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The Pawprint | ENHS

The Pawprint | ENHS

The Pawprint | ENHS

Paw-litics Hurting Students

Illustrated by Tegan Singleton

One of the greatest strengths of our student body is the incredible diversity of interests and backgrounds. 

However, not every identity is equally appreciated. 

Recently, a State House bill was filed by Republican Representative and Bigfoot hunter Justin Humphrey that seeks to prohibit ‘furry’ activity at school. Oklahoma HB 3084 claims that students who ‘engage in anthropomorphic behavior’ would be excluded from the classroom and even have ‘animal control services contacted to remove the student.’

The bill has quickly become a highly controversial topic of conversation, with many students strongly showing their opposition.

Accordingly to one junior at Edmond North who identifies as a furry, the bill is an unnecessary “prohibition of education” that seeks to unjustly pull students from the classroom. They further stated that “no one is being harmed just because the furries are being cringe,” explaining that furries in school are not a real threat to education.

Many speculate that the bill is a ploy to embarrass or discourage students with unconventional interests; this stems from the fact that furry culture online is heavily associated with so-called “weird” behavior. In fact, it is commonly misunderstood that furries ‘believe they’re animals’—this notion is in turn used to discredit and dehumanize students in this community.

Another furry, a senior, claims that this ideology makes it “suffocating” to be themself, causing them to be uncomfortable while at school. At times, the misdirected hate and bullying causes them and others they know to feel unsafe in the classroom, saying that the bill will “make being a furry in Oklahoma extremely unsafe for people still in school.”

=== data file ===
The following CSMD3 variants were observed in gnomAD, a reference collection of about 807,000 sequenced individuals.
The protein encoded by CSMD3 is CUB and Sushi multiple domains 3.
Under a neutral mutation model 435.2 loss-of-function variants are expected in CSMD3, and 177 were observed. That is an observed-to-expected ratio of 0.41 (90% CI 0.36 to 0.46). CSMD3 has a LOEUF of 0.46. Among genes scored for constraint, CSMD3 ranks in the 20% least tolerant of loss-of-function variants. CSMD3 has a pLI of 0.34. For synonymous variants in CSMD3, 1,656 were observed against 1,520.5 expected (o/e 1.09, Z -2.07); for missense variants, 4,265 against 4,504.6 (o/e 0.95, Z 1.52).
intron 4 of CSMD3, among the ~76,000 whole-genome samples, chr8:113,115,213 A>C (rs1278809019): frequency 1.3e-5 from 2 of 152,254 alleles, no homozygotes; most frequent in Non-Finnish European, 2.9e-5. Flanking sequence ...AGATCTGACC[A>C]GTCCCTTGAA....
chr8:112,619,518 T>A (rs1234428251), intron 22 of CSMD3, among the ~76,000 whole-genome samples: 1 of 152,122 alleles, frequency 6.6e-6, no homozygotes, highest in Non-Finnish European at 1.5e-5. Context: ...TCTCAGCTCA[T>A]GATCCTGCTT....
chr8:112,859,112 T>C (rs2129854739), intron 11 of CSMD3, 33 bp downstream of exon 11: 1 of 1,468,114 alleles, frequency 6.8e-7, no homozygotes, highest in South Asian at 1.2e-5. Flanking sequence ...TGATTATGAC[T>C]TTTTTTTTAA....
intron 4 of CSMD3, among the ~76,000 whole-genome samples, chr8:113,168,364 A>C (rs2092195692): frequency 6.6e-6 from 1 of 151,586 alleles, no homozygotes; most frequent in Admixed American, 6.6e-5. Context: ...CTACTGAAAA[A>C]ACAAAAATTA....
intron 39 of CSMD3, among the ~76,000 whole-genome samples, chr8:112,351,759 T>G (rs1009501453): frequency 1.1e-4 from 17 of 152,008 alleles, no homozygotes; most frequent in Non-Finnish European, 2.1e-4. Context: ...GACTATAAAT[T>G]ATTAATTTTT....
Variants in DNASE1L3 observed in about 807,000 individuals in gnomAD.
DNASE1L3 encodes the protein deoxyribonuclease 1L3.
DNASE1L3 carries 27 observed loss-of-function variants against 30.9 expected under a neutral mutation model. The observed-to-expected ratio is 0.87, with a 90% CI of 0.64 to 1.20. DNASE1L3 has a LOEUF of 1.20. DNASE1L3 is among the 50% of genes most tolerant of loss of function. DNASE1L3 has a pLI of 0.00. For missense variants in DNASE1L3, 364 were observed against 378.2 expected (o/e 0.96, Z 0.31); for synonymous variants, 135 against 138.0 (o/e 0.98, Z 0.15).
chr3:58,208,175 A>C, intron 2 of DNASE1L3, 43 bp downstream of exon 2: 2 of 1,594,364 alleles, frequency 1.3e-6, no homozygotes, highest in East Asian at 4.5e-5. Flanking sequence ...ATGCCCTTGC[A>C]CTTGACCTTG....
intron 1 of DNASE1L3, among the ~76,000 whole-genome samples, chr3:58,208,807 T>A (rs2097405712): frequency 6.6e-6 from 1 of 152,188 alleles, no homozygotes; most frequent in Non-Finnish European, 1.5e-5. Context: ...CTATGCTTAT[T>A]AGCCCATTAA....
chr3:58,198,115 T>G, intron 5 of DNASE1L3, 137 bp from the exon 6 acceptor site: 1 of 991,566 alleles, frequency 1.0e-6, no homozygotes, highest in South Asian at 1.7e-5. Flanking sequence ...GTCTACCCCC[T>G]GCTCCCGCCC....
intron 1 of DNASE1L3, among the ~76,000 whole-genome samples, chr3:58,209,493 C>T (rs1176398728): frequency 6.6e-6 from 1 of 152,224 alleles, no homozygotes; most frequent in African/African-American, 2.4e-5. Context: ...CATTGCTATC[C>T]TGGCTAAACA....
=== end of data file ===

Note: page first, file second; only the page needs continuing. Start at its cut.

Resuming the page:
Bullying and ostracism is not a foreign idea to high schoolers, but some students face torment so extreme that they have to hide their entire identity to avoid harsh criticism or potential violence. Although furry students are not particularly abundant, the hatred against them is. 

It is no secret that most people dislike furries, with jokes and videos expressing this being shared constantly. However, most enemies of furries have false ideas of what a furry even is, expressing disgust at something that doesn’t exist and projecting it onto their classmates. 

Despite being a harmless online hobby surrounding art and cosplay, many associate furry culture with mental illness or antisocial attitudes, attempting to further ostracize an already misrepresented community.

The bill, which will be presented in March, would only further this stigmatization that leads to bullying and a loss in the quality of education for many students. 

No matter our differences, we owe our fellow students the dignity and respect that we demand for ourselves.

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About the Contributor
Ethan Leehan
Ethan Leehan, Senior Editor
Ethan Leehan is a senior at Edmond North as well as at Francis Tuttle Bioscience and Medicine Academy. He enjoys baking, cooking, science and writing. Ethan plans to attend university under a Biochemistry and Linguistic Anthropology double major.

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  • J

    John McFursonFeb 5, 2024 at 11:19 am

    Superb article! I have always felt terrible about the various injustices furries face in this troubled society. I hold deep hopes and prayers for my furry friends freedom.

  • L

    LeslieJan 31, 2024 at 10:57 am

    Great article!